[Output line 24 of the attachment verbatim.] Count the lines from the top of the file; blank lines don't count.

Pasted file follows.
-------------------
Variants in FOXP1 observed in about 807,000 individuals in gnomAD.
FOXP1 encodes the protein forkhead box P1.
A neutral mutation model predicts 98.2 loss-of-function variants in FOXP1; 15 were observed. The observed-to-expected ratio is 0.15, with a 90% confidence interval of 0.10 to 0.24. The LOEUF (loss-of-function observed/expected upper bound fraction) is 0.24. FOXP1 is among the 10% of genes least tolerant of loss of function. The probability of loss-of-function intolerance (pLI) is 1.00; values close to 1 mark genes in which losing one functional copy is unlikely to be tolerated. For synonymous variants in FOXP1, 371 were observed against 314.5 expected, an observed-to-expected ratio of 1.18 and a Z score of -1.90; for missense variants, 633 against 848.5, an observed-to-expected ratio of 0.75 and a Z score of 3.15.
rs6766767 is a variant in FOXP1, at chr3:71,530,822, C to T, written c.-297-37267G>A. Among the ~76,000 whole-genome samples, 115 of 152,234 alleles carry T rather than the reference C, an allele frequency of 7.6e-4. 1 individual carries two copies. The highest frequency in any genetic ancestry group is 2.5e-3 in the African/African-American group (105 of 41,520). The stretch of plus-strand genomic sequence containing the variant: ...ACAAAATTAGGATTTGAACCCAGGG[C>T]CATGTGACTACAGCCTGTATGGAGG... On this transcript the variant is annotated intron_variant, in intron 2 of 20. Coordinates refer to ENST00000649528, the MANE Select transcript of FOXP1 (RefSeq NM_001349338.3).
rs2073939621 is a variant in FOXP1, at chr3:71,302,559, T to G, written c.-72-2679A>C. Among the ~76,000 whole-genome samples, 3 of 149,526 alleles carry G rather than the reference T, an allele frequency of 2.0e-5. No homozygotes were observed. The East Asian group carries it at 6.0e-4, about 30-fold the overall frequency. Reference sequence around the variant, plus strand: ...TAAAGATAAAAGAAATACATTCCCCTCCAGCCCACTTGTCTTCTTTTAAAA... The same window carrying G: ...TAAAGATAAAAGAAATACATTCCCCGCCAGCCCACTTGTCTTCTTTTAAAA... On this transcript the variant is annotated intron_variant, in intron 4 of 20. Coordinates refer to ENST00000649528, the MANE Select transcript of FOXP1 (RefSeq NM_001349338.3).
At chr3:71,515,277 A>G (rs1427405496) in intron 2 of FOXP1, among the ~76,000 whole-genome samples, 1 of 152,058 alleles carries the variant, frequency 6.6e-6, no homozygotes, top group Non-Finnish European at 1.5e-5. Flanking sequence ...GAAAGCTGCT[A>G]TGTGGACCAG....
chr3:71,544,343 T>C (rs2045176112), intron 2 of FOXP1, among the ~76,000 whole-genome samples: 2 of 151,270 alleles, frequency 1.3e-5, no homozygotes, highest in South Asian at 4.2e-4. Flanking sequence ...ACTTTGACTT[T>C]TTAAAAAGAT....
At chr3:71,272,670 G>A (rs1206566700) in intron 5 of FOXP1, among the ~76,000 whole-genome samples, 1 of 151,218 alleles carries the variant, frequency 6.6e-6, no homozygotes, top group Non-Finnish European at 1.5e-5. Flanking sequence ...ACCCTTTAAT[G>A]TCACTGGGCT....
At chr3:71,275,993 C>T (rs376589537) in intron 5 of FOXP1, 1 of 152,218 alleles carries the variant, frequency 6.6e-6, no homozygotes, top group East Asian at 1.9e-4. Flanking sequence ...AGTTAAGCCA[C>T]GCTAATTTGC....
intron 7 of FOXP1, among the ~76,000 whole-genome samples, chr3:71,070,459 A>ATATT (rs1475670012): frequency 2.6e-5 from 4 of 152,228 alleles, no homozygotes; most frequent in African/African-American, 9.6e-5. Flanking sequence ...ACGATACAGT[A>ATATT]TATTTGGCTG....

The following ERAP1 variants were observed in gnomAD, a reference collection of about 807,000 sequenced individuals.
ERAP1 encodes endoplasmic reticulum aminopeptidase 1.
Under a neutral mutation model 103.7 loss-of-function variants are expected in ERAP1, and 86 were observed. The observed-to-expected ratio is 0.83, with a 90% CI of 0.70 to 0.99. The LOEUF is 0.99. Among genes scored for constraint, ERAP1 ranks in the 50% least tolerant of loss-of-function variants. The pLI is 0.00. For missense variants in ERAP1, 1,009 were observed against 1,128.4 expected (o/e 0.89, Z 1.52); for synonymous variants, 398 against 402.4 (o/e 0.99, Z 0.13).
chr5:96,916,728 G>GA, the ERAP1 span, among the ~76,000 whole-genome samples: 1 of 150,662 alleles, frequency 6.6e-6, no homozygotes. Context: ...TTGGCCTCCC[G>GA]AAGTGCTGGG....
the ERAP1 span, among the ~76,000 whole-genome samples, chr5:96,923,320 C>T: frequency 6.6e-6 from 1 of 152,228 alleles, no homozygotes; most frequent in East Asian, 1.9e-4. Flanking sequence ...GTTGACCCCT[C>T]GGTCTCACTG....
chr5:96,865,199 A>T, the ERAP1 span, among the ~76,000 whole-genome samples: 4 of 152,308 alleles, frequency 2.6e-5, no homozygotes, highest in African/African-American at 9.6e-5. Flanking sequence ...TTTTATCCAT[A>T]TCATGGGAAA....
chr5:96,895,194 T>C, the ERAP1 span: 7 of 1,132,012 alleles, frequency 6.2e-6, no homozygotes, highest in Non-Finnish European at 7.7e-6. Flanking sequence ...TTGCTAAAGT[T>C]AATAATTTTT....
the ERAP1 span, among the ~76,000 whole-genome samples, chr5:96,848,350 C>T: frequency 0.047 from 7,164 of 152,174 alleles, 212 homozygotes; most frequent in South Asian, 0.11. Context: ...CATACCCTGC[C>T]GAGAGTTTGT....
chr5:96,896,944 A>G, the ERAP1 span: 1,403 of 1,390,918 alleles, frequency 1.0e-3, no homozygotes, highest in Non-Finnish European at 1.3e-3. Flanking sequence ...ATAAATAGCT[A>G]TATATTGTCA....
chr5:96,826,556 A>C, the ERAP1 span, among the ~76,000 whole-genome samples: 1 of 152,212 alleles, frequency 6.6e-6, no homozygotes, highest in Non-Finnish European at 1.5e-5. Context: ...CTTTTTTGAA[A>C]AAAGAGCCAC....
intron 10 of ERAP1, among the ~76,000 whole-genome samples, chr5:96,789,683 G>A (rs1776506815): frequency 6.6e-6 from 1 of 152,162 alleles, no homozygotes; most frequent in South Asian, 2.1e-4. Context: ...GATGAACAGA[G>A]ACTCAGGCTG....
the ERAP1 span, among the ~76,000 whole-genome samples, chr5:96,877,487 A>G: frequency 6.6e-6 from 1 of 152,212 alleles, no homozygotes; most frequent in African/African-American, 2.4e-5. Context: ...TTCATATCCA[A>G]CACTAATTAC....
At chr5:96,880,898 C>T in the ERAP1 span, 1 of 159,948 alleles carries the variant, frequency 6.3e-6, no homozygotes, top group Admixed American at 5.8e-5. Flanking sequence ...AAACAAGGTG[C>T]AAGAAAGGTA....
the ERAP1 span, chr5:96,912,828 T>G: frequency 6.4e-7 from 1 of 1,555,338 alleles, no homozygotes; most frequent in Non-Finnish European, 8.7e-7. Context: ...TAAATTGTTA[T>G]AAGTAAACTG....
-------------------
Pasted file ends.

the ERAP1 span, chr5:96,912,828 T>G: frequency 6.4e-7 from 1 of 1,555,338 alleles, no homozygotes; most frequent in Non-Finnish European, 8.7e-7. Context: ...TAAATTGTTA[T>G]AAGTAAACTG....